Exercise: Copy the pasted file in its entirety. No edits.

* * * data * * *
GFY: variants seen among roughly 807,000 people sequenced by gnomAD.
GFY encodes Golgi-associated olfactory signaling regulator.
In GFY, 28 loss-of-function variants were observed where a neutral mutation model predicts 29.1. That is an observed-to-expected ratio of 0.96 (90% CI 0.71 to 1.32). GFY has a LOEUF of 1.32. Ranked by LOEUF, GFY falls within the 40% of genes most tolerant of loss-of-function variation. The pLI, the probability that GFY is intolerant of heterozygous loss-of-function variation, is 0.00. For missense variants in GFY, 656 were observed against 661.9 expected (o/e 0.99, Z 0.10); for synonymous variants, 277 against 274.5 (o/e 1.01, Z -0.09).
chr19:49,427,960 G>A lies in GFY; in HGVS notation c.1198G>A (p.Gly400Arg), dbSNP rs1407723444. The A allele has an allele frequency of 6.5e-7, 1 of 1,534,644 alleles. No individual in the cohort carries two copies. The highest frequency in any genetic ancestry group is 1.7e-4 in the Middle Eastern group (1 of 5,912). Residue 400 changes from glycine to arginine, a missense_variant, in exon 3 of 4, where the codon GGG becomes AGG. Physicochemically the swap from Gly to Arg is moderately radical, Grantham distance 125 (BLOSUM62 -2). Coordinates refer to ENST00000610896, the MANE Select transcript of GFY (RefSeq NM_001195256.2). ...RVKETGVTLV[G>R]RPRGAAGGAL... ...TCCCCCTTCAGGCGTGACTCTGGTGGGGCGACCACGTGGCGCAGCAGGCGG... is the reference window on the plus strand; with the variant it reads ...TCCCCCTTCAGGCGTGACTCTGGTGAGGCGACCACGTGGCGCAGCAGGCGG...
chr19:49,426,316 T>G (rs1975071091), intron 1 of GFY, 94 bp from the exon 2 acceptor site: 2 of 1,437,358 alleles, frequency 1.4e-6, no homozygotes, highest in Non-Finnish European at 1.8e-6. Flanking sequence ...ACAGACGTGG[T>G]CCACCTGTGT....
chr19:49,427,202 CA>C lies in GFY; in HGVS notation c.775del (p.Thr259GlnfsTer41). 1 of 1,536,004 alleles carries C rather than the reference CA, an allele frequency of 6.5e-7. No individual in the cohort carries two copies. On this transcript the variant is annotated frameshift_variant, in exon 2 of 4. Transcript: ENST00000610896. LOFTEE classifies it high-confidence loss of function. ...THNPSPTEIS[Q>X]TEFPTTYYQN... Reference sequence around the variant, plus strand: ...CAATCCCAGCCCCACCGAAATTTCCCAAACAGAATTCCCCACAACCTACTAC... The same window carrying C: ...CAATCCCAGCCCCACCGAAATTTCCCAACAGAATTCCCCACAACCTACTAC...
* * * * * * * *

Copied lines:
GFY: variants seen among roughly 807,000 people sequenced by gnomAD.
GFY encodes Golgi-associated olfactory signaling regulator.
In GFY, 28 loss-of-function variants were observed where a neutral mutation model predicts 29.1. That is an observed-to-expected ratio of 0.96 (90% CI 0.71 to 1.32). GFY has a LOEUF of 1.32. Ranked by LOEUF, GFY falls within the 40% of genes most tolerant of loss-of-function variation. The pLI, the probability that GFY is intolerant of heterozygous loss-of-function variation, is 0.00. For missense variants in GFY, 656 were observed against 661.9 expected (o/e 0.99, Z 0.10); for synonymous variants, 277 against 274.5 (o/e 1.01, Z -0.09).
chr19:49,427,960 G>A lies in GFY; in HGVS notation c.1198G>A (p.Gly400Arg), dbSNP rs1407723444. The A allele has an allele frequency of 6.5e-7, 1 of 1,534,644 alleles. No individual in the cohort carries two copies. The highest frequency in any genetic ancestry group is 1.7e-4 in the Middle Eastern group (1 of 5,912). Residue 400 changes from glycine to arginine, a missense_variant, in exon 3 of 4, where the codon GGG becomes AGG. Physicochemically the swap from Gly to Arg is moderately radical, Grantham distance 125 (BLOSUM62 -2). Coordinates refer to ENST00000610896, the MANE Select transcript of GFY (RefSeq NM_001195256.2). ...RVKETGVTLV[G>R]RPRGAAGGAL... ...TCCCCCTTCAGGCGTGACTCTGGTGGGGCGACCACGTGGCGCAGCAGGCGG... is the reference window on the plus strand; with the variant it reads ...TCCCCCTTCAGGCGTGACTCTGGTGAGGCGACCACGTGGCGCAGCAGGCGG...
chr19:49,426,316 T>G (rs1975071091), intron 1 of GFY, 94 bp from the exon 2 acceptor site: 2 of 1,437,358 alleles, frequency 1.4e-6, no homozygotes, highest in Non-Finnish European at 1.8e-6. Flanking sequence ...ACAGACGTGG[T>G]CCACCTGTGT....
chr19:49,427,202 CA>C lies in GFY; in HGVS notation c.775del (p.Thr259GlnfsTer41). 1 of 1,536,004 alleles carries C rather than the reference CA, an allele frequency of 6.5e-7. No individual in the cohort carries two copies. On this transcript the variant is annotated frameshift_variant, in exon 2 of 4. Transcript: ENST00000610896. LOFTEE classifies it high-confidence loss of function. ...THNPSPTEIS[Q>X]TEFPTTYYQN... Reference sequence around the variant, plus strand: ...CAATCCCAGCCCCACCGAAATTTCCCAAACAGAATTCCCCACAACCTACTAC... The same window carrying C: ...CAATCCCAGCCCCACCGAAATTTCCCAACAGAATTCCCCACAACCTACTAC...